Cheese making in France is high art. A sampling of its greatest hits provides delicious evidence of the country’s devotion to the craft.
Ratio of number of dairy cows whose daily milk output is required to make one wheel of Comté.
Pounds per capita of cheese consumption in France, among the highest in the world.
If apple pie is a symbol of America, in France, the same can be said of Brie cheese, a sublimely rich symbol of that nation’s food traditions. Easy, approachable and always welcoming, Americans long have looked to the triple crème treat as a passport to French culture and a stepping stone to further explorations.
Food is approached with near-reverence in France and cheese stands tall as one of its stars. The country boasts the greatest variety of styles in the world and the highest per capita consumption. No surprise, then, that late president Charles de Gaulle is famously quoted as saying: “How can anyone govern a nation that has two hundred and forty-six kinds of cheese?”The precise number of varieties is hard to pinpoint but certainly has expanded beyond what de Gaulle described. Estimates are that more than 700 distinct types have been identified although some insist even that number doesn’t embrace the full extent. Each year, new cheeses emerge while some of the older styles slip away and become lost to history.
Among the glorious richness, variations in style abound, each a testament to a region and its people. A mild, buttery Brie de Nangis is different from an earthier Brie de Meaux yet both hail from île de France, the area surrounding Paris.That’s all part of the intrigue. “What’s wonderful about France is that each little area has its own cheese that they’ve been making for years,” acknowledges Luan Schooler, a specialty cheese expert in Portland, Oregon. “These are cheeses that are worthy of slowing down to taste.” With the sheer variety of styles, cheese enthusiasts can study—and happily sample--for years and still stumble upon discoveries. Fortunately, expertise in the field is not a prerequisite to eating these cheeses. The following is a primer on five signature styles. Think of them as Fromage 101. Triple Crème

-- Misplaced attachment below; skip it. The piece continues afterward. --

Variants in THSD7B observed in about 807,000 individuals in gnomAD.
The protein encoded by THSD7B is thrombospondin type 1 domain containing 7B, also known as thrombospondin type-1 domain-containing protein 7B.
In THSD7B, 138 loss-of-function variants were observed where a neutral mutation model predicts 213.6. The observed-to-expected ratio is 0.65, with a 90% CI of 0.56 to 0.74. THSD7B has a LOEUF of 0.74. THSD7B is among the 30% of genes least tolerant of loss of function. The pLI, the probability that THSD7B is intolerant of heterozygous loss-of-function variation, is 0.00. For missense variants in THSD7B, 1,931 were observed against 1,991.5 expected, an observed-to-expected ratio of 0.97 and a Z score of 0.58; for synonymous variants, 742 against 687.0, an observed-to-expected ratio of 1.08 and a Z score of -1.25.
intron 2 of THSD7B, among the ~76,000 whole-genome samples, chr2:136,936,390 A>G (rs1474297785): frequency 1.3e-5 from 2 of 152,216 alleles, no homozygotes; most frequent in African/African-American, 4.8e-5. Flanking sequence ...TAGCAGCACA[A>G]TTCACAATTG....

Call this indulgent style a grand gateway to French cheese: These creamy, white rounds are easy to like, often stealing the show. Made by pouring cream into cow’s milk curd as it sets, soft-ripening triple crèmes make great dessert cheeses when served with fresh fruit, particularly apples and pears.Types to Try: Brillat Savarin, Pierre Robert
Other soft-ripening cheeses: Brie, Camembert
While goat cheeses are made elsewhere in France, they are a specialty of the west-central Loire Valley, where goats have been raised for centuries. Many are lightly dusted with ash which absorbs surface moisture and helps to preserve the soft cheese. Often served young, these cheeses display an unmistakable goat-milk tang while still exhibiting mild and creamy traits.Types to try: Selles-sur-Cher, Crottin de Chavignol
Other goat’s milk cheeses: Tomme de Chevre, Charolais
Made in the French Alps, Comté is a top-selling cheese that evolved from the same traditions as Swiss Gruyère (also called Gruyère de Comté). With a flavor redolent of nuts and brown butter and a texture that melts easily, this cheese is ideal for cheese trays and also is a versatile partner in the kitchen.Types to try: Arnaud, Jura-Gruyère
Other mountain cheeses: Ossau Iraty, Tomme de Savoie Roquefort
An ancient cheese (evidence suggests it predates Rome) Roquefort is a deeply flavorful, slightly crumbly sheep’s milk blue cheese from the southeast corner of France. Not a cheese to take lightly, it is sharp and tangy, salty and sweet, perfect when savored after a meal.Types to try: Carles, Le Papillon
Other blue cheeses: Bleu des Causses Bleu des Basques Epoisse
A French cheese primer would not be complete without a glorious stinker from the washed-rind family—cheeses whose rinds have been rinsed with wine, beer or brandy. Described by many as smelling like “the feet of God,” this runny wonder’s taste is subtle, complex and well deserving of its status as one of the all-time greats.Types to try: Affidelice, L’Ami du Chambertin.
Other stinky cheeses: Munster, Langres
Warning: mysql_num_rows(): supplied argument is not a valid MySQL result resource in /home/cheese/public_html/article.php on line 374
) | Share: